Flipping through the channels last night I came across the 1996 remake of The Bishop's Wife, the perhaps more familiar The Preacher's Wife starring Whitney Houston as Julia Biggs, the wife of the Rev. Henry Biggs.
Both the original and the remake have the same basic plot:
The bishop/preacher is so busy caring for his congregation that his family is neglected. So God sends an angel to the rescue – Cary Grant in the original and Denzel Washington in the 90’s version. In 1947 Grant’s angel was more unashamedly Christian, Washingtons’s is more “vaguely spiritual.” Both help set the preacher back on track with proper priorities.
The movie reminded me of the struggle that every pastor I know experiences on some level:
How to balance the expectations of family and congregation?
The decisions we make, almost daily, to maintain those expectations puts us in a perfect spot to be judged. And the more I think about it, simply being a pastor means constantly being judged (if “judged” sounds too harsh you can substitute “evaluate”).
Yesterday I was pretty good in the pulpit. It was a text and a topic I was especially excited to preach on and it came at the end of a series that I felt has gone really well. It was just one of those mornings when I felt like I was “in a zone” and the feedback I received after both worship hours suggested that those in attendance thought I was pretty good too (at least I was yesterday).
But in a sense every “good message, that really touched me” is that person’s “judgement” on how they thought I did – their evaluation of my performance. It’s an evaluation I am constantly looking for – I seek my wife out following every message to find out from her “How did I do?”
How did I do? How am I doing? Those questions extend beyond Sunday morning. Because the role of pastor (maybe especially in a larger church where it seems there are members everywhere) is so very public the are opportunities for people to evaluate how I’m doing (every decision and action) every day of the week.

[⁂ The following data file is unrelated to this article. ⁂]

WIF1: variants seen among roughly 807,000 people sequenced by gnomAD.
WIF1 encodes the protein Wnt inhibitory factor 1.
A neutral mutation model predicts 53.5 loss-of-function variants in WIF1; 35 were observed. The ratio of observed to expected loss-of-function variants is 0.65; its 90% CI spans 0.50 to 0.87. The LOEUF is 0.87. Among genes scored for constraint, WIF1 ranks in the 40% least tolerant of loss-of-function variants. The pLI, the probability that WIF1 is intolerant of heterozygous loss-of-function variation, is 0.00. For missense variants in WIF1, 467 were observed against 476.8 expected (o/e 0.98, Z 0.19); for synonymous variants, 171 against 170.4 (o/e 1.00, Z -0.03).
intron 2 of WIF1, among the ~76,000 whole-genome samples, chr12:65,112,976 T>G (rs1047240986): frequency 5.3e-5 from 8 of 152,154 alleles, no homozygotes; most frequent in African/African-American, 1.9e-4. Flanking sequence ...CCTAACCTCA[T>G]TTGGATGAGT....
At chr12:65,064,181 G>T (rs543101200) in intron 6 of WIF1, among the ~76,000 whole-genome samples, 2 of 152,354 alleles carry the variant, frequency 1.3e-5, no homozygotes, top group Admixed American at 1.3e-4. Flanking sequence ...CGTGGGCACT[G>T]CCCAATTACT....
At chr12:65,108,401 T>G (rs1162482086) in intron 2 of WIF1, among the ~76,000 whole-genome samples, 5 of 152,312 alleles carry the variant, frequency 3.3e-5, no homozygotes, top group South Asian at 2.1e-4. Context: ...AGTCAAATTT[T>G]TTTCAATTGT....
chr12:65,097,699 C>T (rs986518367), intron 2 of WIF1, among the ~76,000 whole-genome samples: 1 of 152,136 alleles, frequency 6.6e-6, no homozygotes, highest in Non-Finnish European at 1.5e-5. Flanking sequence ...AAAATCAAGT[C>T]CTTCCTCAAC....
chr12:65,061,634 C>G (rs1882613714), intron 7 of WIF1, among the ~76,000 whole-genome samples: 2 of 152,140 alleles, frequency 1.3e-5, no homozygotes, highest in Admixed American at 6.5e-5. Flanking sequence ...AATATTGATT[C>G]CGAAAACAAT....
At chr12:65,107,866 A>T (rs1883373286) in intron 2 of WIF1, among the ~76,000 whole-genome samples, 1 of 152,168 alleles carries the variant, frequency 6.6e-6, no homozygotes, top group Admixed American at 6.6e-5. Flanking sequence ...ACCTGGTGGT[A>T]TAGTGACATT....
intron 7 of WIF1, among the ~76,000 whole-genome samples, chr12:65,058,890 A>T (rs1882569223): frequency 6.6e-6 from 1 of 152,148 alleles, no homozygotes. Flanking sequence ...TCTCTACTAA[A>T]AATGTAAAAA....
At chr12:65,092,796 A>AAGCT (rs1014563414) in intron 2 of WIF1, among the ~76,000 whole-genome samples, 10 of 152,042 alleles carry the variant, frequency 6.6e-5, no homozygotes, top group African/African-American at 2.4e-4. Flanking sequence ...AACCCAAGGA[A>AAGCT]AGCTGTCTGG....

This probably comes across as whining (in fact this blog may be a “rant” I need to work through) – but over the years I’ve been “evaluated” for:
What kind of car I drive
Where I shop
Where I vacation
How I spend my time
Who I eat dinner with and where
Even what coffee I drink (seriously I once received complaints that I spent too much money at Starbucks… probably true)
With a church of 3,700 there’s never a shortage of opinions and (here’s the whining part) sometimes it’s exhausting to be constantly judged.
Okay, enough whining, I knew this came with the call – here are the lessons I’m learning:
I need to worry less (even less) about how I am doing in the eyes of everyone around me – no matter how vocal they may be.
It’s actually comforting to realize that this must have been going on from the very beginning of the church. In a letter to a church in Thessalonica, the apostle Paul wrote:
We are not trying to please people but God, who tests our hearts…We were not looking for praise from any human being, not from you or anyone else…
It appear that church leaders from the very beginning faced the temptation to bless the crowd of evaluators.
The second lesson I am learning is:
I need to be less (much less) judging of others.
Jesus made that one pretty clear:
Do not judge, or you too will be judged. For in the same way you judge others, you will be judged, and with the measure you use, it will be measured to you.
I’m getting that more and more.
Okay – whining rant over – time to focus on Easter…. because I know that everyone will be “judging” my Easter message!